The plastic problem is also being tackled by the European Commission with the help of a new directive on single-use plastics. The proposed directive targets the ten single-use plastic products most often found on European beaches, as well as lost and abandoned plastic fishing gear. In addition to this, the European Chemicals Agency ECHA is preparing the publication of a proposal that would ban intentionally added microplastics in cosmetics and detergents in the EU. At the same time, the European Commission is aiming to increase research data on the negative impacts of plastics on the environment and human health.

More effective recycling of construction and agricultural plastics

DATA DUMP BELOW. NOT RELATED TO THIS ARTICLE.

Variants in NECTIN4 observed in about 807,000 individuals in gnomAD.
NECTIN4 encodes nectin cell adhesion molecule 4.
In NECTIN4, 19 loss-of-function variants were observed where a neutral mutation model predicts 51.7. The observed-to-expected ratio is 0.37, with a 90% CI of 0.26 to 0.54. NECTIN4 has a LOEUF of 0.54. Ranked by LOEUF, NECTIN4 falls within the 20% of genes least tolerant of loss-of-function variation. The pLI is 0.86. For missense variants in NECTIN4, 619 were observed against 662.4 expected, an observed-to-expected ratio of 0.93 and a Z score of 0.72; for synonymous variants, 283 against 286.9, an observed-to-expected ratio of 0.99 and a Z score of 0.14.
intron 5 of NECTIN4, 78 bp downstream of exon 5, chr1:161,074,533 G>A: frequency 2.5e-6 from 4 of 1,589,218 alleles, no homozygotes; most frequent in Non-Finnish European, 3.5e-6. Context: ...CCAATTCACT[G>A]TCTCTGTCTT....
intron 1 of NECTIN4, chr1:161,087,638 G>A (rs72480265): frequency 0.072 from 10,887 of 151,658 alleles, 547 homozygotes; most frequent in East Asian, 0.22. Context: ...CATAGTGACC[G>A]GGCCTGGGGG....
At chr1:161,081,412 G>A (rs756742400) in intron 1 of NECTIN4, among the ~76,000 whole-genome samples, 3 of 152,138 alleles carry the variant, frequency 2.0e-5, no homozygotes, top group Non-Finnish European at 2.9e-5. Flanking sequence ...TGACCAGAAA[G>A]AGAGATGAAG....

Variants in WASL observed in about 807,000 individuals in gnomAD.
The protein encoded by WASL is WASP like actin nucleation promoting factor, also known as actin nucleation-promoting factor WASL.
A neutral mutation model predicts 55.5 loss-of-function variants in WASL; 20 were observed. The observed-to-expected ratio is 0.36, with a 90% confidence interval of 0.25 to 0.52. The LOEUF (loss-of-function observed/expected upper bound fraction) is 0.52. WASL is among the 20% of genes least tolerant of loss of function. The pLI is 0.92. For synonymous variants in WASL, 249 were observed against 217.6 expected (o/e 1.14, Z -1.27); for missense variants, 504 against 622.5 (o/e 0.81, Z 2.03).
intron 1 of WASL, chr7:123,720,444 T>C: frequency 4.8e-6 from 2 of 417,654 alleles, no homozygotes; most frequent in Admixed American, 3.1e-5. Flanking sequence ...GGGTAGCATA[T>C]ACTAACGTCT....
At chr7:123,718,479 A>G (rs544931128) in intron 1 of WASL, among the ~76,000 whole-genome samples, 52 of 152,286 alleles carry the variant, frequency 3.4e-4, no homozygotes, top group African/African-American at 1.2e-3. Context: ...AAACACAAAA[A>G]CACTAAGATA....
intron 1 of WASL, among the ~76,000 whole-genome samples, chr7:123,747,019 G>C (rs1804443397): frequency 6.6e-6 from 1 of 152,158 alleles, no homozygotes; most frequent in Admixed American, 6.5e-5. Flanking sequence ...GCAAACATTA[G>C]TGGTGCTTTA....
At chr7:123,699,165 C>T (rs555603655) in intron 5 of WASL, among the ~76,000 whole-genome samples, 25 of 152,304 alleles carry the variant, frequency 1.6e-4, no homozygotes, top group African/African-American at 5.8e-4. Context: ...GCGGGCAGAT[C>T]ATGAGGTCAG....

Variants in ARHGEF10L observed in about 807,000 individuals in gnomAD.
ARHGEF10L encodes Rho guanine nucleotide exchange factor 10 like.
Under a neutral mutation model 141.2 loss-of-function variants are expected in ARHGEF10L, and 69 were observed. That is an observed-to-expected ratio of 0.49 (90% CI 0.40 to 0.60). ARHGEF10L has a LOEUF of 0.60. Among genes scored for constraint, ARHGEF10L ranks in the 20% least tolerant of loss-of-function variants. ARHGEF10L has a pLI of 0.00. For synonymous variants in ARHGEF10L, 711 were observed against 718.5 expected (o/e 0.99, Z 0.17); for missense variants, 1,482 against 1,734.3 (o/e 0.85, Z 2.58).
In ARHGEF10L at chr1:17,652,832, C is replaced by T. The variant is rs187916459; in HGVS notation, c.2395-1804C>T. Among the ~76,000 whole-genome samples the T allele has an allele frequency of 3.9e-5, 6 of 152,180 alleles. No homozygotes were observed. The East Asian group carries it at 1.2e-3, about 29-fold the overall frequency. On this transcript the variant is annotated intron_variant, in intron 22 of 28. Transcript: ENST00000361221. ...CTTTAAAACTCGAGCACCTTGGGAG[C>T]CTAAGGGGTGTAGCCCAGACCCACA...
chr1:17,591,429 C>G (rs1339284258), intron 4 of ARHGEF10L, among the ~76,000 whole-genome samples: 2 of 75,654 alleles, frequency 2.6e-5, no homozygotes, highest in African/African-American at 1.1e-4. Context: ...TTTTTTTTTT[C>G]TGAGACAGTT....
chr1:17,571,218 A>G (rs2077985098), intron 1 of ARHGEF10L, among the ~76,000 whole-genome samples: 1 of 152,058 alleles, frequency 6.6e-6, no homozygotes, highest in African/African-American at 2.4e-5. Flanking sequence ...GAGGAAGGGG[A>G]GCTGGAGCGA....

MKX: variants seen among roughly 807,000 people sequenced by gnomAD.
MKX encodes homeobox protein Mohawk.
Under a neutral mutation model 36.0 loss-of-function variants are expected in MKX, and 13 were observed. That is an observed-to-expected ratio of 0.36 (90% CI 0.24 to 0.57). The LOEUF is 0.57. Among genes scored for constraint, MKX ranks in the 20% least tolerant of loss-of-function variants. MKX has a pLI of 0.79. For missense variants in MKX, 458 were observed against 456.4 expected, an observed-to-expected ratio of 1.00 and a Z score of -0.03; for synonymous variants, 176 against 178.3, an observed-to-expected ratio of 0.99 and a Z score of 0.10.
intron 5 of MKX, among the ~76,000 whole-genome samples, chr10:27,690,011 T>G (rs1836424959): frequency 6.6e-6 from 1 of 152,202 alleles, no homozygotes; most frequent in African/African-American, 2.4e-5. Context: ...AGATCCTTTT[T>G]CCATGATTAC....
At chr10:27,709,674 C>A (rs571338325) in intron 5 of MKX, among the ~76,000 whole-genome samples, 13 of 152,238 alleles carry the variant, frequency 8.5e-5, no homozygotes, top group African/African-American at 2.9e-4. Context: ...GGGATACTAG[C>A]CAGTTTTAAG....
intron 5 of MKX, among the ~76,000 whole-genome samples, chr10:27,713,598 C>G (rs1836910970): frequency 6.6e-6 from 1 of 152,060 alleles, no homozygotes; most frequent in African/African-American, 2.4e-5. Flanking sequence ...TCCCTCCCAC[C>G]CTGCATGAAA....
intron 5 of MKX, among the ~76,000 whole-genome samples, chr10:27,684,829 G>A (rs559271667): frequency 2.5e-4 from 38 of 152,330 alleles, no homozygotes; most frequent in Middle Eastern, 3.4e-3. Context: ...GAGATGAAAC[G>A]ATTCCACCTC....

The construction industry is one of the most notable consumers of plastics. In spite of this, information on the plastics used in buildings is scarce. In order to rectify this, the Ministry of the Environment has launched an investigation into the amounts of plastics used in buildings. In addition to this, the investigation will examine the recycling possibilities of these plastics and the implementation of recycled plastics in buildings.

As regards agricultural plastics, investigations are currently underway into the potential utilisation of bio-based and fully biodegradable materials in roofing, for example. At the same time, the mechanical recycling of plastics is being supplemented with chemical recycling, which will enable the utilisation of difficult to recycle, contaminated and mixed plastics.

Biodegradable and bio-based plastics in the marine environment